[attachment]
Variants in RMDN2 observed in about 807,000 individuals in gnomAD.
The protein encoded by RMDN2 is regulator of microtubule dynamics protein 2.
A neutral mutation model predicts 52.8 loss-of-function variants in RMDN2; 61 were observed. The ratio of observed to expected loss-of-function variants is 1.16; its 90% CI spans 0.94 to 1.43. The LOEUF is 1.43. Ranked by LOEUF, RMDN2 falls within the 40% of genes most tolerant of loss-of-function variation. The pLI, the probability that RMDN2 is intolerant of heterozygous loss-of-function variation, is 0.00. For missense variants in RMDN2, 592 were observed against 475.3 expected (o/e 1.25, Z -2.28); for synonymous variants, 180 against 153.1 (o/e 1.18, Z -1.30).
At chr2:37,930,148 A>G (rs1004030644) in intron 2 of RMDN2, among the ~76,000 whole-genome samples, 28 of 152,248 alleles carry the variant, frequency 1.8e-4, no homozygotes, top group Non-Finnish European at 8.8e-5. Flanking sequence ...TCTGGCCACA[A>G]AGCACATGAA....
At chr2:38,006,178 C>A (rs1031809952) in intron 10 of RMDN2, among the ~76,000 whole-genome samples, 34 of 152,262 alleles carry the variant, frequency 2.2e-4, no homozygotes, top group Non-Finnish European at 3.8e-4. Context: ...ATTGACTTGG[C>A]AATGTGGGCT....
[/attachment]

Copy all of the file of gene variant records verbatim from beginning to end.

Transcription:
Variants in RMDN2 observed in about 807,000 individuals in gnomAD.
The protein encoded by RMDN2 is regulator of microtubule dynamics protein 2.
A neutral mutation model predicts 52.8 loss-of-function variants in RMDN2; 61 were observed. The ratio of observed to expected loss-of-function variants is 1.16; its 90% CI spans 0.94 to 1.43. The LOEUF is 1.43. Ranked by LOEUF, RMDN2 falls within the 40% of genes most tolerant of loss-of-function variation. The pLI, the probability that RMDN2 is intolerant of heterozygous loss-of-function variation, is 0.00. For missense variants in RMDN2, 592 were observed against 475.3 expected (o/e 1.25, Z -2.28); for synonymous variants, 180 against 153.1 (o/e 1.18, Z -1.30).
At chr2:37,930,148 A>G (rs1004030644) in intron 2 of RMDN2, among the ~76,000 whole-genome samples, 28 of 152,248 alleles carry the variant, frequency 1.8e-4, no homozygotes, top group Non-Finnish European at 8.8e-5. Flanking sequence ...TCTGGCCACA[A>G]AGCACATGAA....
At chr2:38,006,178 C>A (rs1031809952) in intron 10 of RMDN2, among the ~76,000 whole-genome samples, 34 of 152,262 alleles carry the variant, frequency 2.2e-4, no homozygotes, top group Non-Finnish European at 3.8e-4. Context: ...ATTGACTTGG[C>A]AATGTGGGCT....